The Twentieth Wife is a tough nut to crack. You *want* to like it; it's painstakingly researched and brings the court intrigues of Mughul India to lif..Show More »e. However, the book has a few really critical flaws:
1. It often skips the key events, describing them between-chapter narration, choosing instead to flesh out the areas between key events.
2. It's characters change sometimes without a sense of why. You get the sense that the author saw, in the History, a change in character, and then made the character changed in the novel without a good sense of motivation. A simple non-spoiler example (although by no means the most jarring) is Mehrunnisa suddenly becoming an expert craftswoman.
3. The pacing is very uneven -- threads are suddenly picked up and then dropped as promptly. It seems, again, as though the author were paying close attention to historical accounts and including things simply because they're recorded in the history. The sudden inclusion of the English & Portuguese at the end of the book is very jarring.
4. The story relies on the love between two characters, but that love doesn't feel believable. There is a sense that there is a more subtle story about power, status and money hiding in the facts which the author tries to skirt around in favor of some fairytale concept of love. However, the facts don't seem to fit the emotions the characters are meant to have. I wasn't convinced by being told, again and again, how much the motivation was love. It felt hollow somehow.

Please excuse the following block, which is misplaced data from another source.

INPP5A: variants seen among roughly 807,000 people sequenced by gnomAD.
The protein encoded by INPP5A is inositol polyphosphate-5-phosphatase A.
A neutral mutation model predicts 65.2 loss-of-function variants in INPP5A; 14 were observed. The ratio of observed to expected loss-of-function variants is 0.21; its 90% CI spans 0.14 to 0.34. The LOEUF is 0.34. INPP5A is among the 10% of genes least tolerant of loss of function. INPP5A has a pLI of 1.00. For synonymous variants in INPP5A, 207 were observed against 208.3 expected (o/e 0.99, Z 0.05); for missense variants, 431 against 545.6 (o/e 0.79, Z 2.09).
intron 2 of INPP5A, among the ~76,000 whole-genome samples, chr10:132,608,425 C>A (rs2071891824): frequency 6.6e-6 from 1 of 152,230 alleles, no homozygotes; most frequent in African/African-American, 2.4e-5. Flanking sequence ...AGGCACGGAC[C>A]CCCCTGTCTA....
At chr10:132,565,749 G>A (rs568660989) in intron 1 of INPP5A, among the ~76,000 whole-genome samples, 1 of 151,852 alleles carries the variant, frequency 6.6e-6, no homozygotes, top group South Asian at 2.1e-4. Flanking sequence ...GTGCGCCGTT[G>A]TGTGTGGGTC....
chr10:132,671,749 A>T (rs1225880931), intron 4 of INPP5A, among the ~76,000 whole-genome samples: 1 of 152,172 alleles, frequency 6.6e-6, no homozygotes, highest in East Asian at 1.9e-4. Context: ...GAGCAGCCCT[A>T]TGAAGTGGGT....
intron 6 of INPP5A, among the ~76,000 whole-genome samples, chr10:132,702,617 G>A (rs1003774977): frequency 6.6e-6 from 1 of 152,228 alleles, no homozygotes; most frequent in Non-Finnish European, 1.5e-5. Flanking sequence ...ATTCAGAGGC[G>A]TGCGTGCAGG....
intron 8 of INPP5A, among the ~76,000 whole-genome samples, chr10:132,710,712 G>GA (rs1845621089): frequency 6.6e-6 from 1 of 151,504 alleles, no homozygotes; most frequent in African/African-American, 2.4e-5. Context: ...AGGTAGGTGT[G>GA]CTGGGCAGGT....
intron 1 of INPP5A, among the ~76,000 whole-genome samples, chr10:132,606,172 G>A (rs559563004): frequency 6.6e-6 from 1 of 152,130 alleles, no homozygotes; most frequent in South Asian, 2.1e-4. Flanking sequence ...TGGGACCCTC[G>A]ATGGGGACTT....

It was an enjoyable enough listen -- it got me through re-painting my apartment, but i was never lost in the story. The story and setting are quite interesting, the narration is very good, but the execution of the book is flat and somehow lifeless. I do not regret listening, but I wouldn't wholeheartedly recommend it either.
Another magnificent masterpiece created by Indu Sundaresan with outstanding narration that I loved from beginning to end. The writer's creative techni..Show More »que and the narrator's superb presentation brings ancient India to the 21st century for both history buffs and those not so historically inclined. Every character and event is vividly depicted with grand literary performance and dialogue. The Twentieth Wife is a must read in order to grasp the potency and familiarity with all the amazing characters, and unlike most novel sequels, The Feast of the Roses will not disappoint! Sundaresan certainly raised the bar with these outstanding works of sheer enjoyment so its going to be pretty hard for me to find another author that comes close to measuring up!
Great story. Hated the skips in the recording and repetition of recording in certain areas. Sneha mathan rocks. No one else can read the Indian hist..Show More »orical stories in such a compelling fashion.